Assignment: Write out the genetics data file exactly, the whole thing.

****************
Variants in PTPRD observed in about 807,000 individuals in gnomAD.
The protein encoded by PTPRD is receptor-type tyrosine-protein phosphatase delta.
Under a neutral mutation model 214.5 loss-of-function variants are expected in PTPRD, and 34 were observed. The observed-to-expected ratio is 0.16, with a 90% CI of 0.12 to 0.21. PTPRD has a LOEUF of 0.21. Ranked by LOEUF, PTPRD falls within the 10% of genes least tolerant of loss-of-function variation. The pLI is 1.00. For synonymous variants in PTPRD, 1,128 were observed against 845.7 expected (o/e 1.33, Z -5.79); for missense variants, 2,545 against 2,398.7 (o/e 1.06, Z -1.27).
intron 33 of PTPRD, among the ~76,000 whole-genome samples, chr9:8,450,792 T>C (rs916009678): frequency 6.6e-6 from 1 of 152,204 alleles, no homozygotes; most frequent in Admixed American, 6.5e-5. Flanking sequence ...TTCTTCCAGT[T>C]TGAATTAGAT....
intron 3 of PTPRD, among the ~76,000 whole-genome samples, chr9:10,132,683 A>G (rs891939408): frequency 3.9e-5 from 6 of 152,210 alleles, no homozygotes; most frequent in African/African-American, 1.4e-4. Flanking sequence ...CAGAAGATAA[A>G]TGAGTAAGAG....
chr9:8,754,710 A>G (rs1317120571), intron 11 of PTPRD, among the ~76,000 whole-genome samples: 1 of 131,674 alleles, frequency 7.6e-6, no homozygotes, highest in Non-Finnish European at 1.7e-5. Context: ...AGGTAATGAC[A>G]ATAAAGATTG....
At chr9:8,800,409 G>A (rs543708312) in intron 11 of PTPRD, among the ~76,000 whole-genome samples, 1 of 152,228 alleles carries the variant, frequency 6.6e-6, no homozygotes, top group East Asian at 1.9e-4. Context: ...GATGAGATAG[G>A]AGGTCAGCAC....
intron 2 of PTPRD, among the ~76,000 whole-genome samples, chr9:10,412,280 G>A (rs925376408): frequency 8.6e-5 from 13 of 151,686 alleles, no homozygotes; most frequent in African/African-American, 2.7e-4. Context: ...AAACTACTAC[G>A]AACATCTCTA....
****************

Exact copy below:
Variants in PTPRD observed in about 807,000 individuals in gnomAD.
The protein encoded by PTPRD is receptor-type tyrosine-protein phosphatase delta.
Under a neutral mutation model 214.5 loss-of-function variants are expected in PTPRD, and 34 were observed. The observed-to-expected ratio is 0.16, with a 90% CI of 0.12 to 0.21. PTPRD has a LOEUF of 0.21. Ranked by LOEUF, PTPRD falls within the 10% of genes least tolerant of loss-of-function variation. The pLI is 1.00. For synonymous variants in PTPRD, 1,128 were observed against 845.7 expected (o/e 1.33, Z -5.79); for missense variants, 2,545 against 2,398.7 (o/e 1.06, Z -1.27).
intron 33 of PTPRD, among the ~76,000 whole-genome samples, chr9:8,450,792 T>C (rs916009678): frequency 6.6e-6 from 1 of 152,204 alleles, no homozygotes; most frequent in Admixed American, 6.5e-5. Flanking sequence ...TTCTTCCAGT[T>C]TGAATTAGAT....
intron 3 of PTPRD, among the ~76,000 whole-genome samples, chr9:10,132,683 A>G (rs891939408): frequency 3.9e-5 from 6 of 152,210 alleles, no homozygotes; most frequent in African/African-American, 1.4e-4. Flanking sequence ...CAGAAGATAA[A>G]TGAGTAAGAG....
chr9:8,754,710 A>G (rs1317120571), intron 11 of PTPRD, among the ~76,000 whole-genome samples: 1 of 131,674 alleles, frequency 7.6e-6, no homozygotes, highest in Non-Finnish European at 1.7e-5. Context: ...AGGTAATGAC[A>G]ATAAAGATTG....
At chr9:8,800,409 G>A (rs543708312) in intron 11 of PTPRD, among the ~76,000 whole-genome samples, 1 of 152,228 alleles carries the variant, frequency 6.6e-6, no homozygotes, top group East Asian at 1.9e-4. Context: ...GATGAGATAG[G>A]AGGTCAGCAC....
intron 2 of PTPRD, among the ~76,000 whole-genome samples, chr9:10,412,280 G>A (rs925376408): frequency 8.6e-5 from 13 of 151,686 alleles, no homozygotes; most frequent in African/African-American, 2.7e-4. Context: ...AAACTACTAC[G>A]AACATCTCTA....